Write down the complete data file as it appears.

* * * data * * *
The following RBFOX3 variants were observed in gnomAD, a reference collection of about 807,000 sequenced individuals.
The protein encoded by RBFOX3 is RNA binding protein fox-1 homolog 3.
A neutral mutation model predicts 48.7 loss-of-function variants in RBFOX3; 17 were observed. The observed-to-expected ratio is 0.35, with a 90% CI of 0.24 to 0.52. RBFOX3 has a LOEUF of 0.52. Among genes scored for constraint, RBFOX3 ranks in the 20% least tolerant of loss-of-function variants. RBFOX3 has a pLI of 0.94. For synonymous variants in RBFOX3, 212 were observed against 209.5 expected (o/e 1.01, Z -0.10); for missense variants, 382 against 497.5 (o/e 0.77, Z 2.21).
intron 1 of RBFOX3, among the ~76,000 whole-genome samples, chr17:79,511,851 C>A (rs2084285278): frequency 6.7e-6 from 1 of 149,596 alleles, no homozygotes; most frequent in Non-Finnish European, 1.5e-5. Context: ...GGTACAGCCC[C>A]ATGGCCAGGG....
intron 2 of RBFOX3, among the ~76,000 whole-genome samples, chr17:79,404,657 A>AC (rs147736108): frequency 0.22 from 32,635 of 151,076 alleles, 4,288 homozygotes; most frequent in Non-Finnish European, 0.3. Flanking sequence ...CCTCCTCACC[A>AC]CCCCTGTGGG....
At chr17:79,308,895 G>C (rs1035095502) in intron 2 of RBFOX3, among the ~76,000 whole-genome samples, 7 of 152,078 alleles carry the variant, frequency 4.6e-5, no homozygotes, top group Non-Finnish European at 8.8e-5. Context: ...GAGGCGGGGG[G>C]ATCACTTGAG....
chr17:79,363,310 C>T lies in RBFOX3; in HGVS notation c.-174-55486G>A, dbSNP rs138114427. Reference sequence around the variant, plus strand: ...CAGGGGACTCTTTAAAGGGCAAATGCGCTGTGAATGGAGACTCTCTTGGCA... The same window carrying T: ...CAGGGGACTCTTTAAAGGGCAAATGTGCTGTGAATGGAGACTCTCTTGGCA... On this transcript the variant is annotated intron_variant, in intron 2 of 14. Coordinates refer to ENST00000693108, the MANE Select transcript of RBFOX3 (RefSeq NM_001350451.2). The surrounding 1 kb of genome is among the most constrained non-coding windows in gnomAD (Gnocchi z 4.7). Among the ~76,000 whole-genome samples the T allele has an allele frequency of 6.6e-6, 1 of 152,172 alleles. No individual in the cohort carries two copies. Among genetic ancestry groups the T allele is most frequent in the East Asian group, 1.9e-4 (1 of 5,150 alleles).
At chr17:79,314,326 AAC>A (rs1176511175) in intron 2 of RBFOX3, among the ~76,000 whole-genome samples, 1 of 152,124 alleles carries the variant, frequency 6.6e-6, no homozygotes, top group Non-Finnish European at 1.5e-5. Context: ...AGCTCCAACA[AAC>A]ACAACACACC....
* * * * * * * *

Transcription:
The following RBFOX3 variants were observed in gnomAD, a reference collection of about 807,000 sequenced individuals.
The protein encoded by RBFOX3 is RNA binding protein fox-1 homolog 3.
A neutral mutation model predicts 48.7 loss-of-function variants in RBFOX3; 17 were observed. The observed-to-expected ratio is 0.35, with a 90% CI of 0.24 to 0.52. RBFOX3 has a LOEUF of 0.52. Among genes scored for constraint, RBFOX3 ranks in the 20% least tolerant of loss-of-function variants. RBFOX3 has a pLI of 0.94. For synonymous variants in RBFOX3, 212 were observed against 209.5 expected (o/e 1.01, Z -0.10); for missense variants, 382 against 497.5 (o/e 0.77, Z 2.21).
intron 1 of RBFOX3, among the ~76,000 whole-genome samples, chr17:79,511,851 C>A (rs2084285278): frequency 6.7e-6 from 1 of 149,596 alleles, no homozygotes; most frequent in Non-Finnish European, 1.5e-5. Context: ...GGTACAGCCC[C>A]ATGGCCAGGG....
intron 2 of RBFOX3, among the ~76,000 whole-genome samples, chr17:79,404,657 A>AC (rs147736108): frequency 0.22 from 32,635 of 151,076 alleles, 4,288 homozygotes; most frequent in Non-Finnish European, 0.3. Flanking sequence ...CCTCCTCACC[A>AC]CCCCTGTGGG....
At chr17:79,308,895 G>C (rs1035095502) in intron 2 of RBFOX3, among the ~76,000 whole-genome samples, 7 of 152,078 alleles carry the variant, frequency 4.6e-5, no homozygotes, top group Non-Finnish European at 8.8e-5. Context: ...GAGGCGGGGG[G>C]ATCACTTGAG....
chr17:79,363,310 C>T lies in RBFOX3; in HGVS notation c.-174-55486G>A, dbSNP rs138114427. Reference sequence around the variant, plus strand: ...CAGGGGACTCTTTAAAGGGCAAATGCGCTGTGAATGGAGACTCTCTTGGCA... The same window carrying T: ...CAGGGGACTCTTTAAAGGGCAAATGTGCTGTGAATGGAGACTCTCTTGGCA... On this transcript the variant is annotated intron_variant, in intron 2 of 14. Coordinates refer to ENST00000693108, the MANE Select transcript of RBFOX3 (RefSeq NM_001350451.2). The surrounding 1 kb of genome is among the most constrained non-coding windows in gnomAD (Gnocchi z 4.7). Among the ~76,000 whole-genome samples the T allele has an allele frequency of 6.6e-6, 1 of 152,172 alleles. No individual in the cohort carries two copies. Among genetic ancestry groups the T allele is most frequent in the East Asian group, 1.9e-4 (1 of 5,150 alleles).
At chr17:79,314,326 AAC>A (rs1176511175) in intron 2 of RBFOX3, among the ~76,000 whole-genome samples, 1 of 152,124 alleles carries the variant, frequency 6.6e-6, no homozygotes, top group Non-Finnish European at 1.5e-5. Context: ...AGCTCCAACA[AAC>A]ACAACACACC....